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The Healing Power of Herbs: The Enlightened Person's Guide to the Wonders of Medicinal Plants.
by Michael T. Murray. 1991. Prima Publishing, PO Box 1260MM, Rocklin, CA 95677. Softcover. 246 pp. $12.95. ISBN 1-55958-138-7.

The author is a naturopathic physician with a keen interest in European phytomedicines and standardized herbal extracts. The introduction "Botanical Medicine -- A Modern Perspective," offers a compelling and concise review of the history of herbs in medicine from ancient to modern times.

The book is divided into twelve sections based on groupings of herbs with benefit for specific organs or physiological systems (e.g., liver disorders, immune system, vascular system, respiratory system, etc.) The first section deals with such common foods as onion, garlic, ginger, and turmeric, wherein the author relates the latest scientific information on these products. A welcome feature is the "key uses of" at the beginning of each monograph for each herb with bulleted list of four or five major uses of the herbs. The author then gives the general description, chemical composition, history folk use, and pharmacology of each plant with a summary and information on dosage and toxicology. Each section is referenced with the sources of the author's information.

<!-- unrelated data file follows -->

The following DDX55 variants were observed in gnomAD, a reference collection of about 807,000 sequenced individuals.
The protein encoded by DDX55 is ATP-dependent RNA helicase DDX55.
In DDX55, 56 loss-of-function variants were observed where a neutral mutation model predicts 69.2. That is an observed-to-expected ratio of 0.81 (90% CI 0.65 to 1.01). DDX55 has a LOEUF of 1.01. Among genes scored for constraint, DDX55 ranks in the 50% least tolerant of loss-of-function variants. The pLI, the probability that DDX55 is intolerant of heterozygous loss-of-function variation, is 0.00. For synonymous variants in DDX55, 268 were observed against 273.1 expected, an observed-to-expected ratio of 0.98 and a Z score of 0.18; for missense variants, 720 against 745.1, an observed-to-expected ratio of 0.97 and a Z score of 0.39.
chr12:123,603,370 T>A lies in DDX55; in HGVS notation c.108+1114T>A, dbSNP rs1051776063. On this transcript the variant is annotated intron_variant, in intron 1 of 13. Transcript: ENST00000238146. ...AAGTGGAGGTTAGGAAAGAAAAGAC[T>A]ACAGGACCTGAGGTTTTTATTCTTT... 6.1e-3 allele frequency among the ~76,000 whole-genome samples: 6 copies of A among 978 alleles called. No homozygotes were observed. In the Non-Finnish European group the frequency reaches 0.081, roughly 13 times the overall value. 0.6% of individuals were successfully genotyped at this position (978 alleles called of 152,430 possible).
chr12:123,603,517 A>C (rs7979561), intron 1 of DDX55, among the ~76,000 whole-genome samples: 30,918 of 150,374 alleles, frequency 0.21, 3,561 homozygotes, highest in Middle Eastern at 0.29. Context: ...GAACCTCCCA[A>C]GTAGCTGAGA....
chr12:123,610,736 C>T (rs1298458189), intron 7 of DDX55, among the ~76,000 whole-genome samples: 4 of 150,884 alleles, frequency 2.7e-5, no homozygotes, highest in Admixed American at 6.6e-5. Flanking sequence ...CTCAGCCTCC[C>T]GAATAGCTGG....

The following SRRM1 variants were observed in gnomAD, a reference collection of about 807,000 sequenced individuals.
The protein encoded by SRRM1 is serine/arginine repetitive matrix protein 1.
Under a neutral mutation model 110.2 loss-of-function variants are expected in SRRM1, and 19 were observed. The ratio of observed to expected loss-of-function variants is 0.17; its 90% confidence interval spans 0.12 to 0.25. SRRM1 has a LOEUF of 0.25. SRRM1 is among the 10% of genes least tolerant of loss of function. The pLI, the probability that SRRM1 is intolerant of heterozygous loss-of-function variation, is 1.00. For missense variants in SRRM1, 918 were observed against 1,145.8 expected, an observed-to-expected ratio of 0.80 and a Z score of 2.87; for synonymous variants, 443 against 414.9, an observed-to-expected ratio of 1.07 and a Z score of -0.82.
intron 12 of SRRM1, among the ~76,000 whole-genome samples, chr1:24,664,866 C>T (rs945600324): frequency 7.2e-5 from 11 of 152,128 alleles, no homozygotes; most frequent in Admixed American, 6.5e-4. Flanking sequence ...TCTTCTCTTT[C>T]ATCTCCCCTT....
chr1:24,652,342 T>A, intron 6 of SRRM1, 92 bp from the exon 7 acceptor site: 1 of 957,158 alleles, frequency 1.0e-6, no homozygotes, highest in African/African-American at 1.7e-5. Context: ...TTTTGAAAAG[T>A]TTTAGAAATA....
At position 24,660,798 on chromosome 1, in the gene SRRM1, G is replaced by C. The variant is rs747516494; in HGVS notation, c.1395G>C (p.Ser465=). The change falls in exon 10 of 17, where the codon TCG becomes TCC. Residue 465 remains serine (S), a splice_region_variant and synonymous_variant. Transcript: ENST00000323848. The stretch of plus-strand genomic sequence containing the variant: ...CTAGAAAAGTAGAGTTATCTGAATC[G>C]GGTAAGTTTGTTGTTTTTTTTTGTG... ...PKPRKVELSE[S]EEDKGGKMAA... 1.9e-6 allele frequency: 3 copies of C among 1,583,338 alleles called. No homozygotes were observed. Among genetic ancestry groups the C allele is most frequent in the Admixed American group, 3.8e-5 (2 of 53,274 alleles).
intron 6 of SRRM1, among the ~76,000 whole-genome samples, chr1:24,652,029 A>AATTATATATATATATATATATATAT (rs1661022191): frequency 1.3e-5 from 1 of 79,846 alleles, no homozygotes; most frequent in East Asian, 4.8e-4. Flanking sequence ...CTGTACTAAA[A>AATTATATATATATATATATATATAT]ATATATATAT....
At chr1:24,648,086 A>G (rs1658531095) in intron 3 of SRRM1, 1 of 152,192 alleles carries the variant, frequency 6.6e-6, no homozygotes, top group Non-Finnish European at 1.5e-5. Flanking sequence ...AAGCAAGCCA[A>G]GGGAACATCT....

In all thirty-one herbs are reviewed, including hawthorn, ginkgo, saw palmetto, licorice, feverfew, valerian, St. John's wort, bilberry, milk thistle, ginseng (Asian and Siberian), goldenseal, echinacea, and others.

This book is probably a bit too technical for beginners but is just right for intermediate and advanced students of herbalism.

Article copyright American Botanical Council.